Once a firm has contact information for an interested client, they can “qualify” the client through a phone call with a “fronter” and then transfer the call to a “closer” or “broker.” It is that broker’s job to close the transaction through whatever means necessary. Clients are told that central banks are buying precious metals at an extraordinary rate, or that the value of the dollar will collapse from an overextended federal reserve, or that the banking system is on the verge of collapse and can take money held in checking or savings accounts to make up the shortfall, among other things. This list of stories told to prospective clients is surprisingly consistent across bad operators in this industry. The stories are designed to make the prospective client believe that the price of metals will skyrocket or at least outperform other investment options.

Many elderly people are convinced by these fictions to transfer their retirement savings to a self-directed IRA custodian so they can invest in precious metals. Equity Trust is one example of a self-directed IRA custodian. In connection with a transfer, which is often facilitated by the broker, the client identifies the broker as the representative on the account with authority to conduct transactions.

With that authority in hand, the clients are sold a bag of goods. They authorize the purchase of precious metals at grossly inflated prices over market without ever checking the market value. They believe the hype sold to them by the broker, including the typical false representations that they are buying metals at a fair market price. Even worse, some buy these grossly inflated metals on leverage, compounding immediate losses.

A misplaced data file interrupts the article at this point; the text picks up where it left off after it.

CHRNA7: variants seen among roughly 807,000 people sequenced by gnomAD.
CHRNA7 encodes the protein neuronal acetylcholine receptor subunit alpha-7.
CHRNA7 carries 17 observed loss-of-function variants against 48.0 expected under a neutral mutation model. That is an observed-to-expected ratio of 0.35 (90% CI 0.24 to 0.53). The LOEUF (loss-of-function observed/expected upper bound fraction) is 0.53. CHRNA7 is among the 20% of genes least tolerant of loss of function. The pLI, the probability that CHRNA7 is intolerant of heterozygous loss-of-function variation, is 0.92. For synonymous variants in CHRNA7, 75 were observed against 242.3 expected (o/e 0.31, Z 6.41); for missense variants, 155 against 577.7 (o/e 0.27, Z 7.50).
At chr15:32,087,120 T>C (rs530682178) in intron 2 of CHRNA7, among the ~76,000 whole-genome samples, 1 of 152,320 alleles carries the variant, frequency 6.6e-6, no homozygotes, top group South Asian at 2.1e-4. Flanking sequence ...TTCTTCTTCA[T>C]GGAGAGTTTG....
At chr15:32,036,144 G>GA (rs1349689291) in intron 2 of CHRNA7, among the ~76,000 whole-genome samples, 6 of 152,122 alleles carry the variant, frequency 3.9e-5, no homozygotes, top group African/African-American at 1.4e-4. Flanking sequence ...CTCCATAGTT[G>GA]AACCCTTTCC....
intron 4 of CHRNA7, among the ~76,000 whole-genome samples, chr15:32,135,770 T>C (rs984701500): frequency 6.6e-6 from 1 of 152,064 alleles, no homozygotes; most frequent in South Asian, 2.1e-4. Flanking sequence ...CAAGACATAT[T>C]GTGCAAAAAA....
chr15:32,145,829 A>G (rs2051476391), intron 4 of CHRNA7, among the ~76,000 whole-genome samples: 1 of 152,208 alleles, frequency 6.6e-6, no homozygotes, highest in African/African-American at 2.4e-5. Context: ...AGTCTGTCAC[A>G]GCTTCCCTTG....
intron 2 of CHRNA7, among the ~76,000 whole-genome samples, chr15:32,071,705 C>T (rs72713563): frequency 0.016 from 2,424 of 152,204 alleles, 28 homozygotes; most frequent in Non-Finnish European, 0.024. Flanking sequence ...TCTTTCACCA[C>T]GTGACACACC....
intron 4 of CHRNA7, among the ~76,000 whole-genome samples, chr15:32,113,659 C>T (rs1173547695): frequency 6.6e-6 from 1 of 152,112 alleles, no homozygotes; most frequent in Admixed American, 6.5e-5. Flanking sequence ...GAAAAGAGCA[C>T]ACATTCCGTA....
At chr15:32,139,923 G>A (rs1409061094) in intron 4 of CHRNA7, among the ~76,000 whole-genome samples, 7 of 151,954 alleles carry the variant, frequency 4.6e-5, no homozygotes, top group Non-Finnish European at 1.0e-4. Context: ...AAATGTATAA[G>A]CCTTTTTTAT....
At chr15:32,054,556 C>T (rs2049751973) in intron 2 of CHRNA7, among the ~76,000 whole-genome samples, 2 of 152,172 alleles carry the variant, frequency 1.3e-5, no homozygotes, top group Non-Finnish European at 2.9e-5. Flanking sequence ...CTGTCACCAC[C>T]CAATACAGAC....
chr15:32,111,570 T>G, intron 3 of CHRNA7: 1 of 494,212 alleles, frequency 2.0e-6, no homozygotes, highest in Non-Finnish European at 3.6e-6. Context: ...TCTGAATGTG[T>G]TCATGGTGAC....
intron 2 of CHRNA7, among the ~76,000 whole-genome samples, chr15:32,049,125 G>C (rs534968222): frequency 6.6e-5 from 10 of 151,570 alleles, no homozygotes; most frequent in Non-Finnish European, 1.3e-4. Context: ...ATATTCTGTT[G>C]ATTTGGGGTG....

The Commodity Futures Trading Commission (CFTC), the Securities and Exchange Commission, and various state attorney general’s Offices have been attempting to bring down the worst operators for decades. These efforts have not stopped the flood of new fraudsters, however. As an example, earlier this year, the CFTC and 27 states joined together in a lawsuit seeking to shut down a fraudulent precious metals dealer out of Los Angeles, California, called Safeguard Metals, which was charging grossly inflated markups on precious metals coins of more than 50%, mostly to elderly people, according to the lawsuit. The company, meanwhile, marketed itself as specializing in wealth preservation. Safeguard Metals is believed to be an offshoot of another company that was shut down several years earlier in Texas, and a successful Safeguard Metals broker opened his own shop recently to continue selling marked up precious metals coins to “qualified” investors through his own company.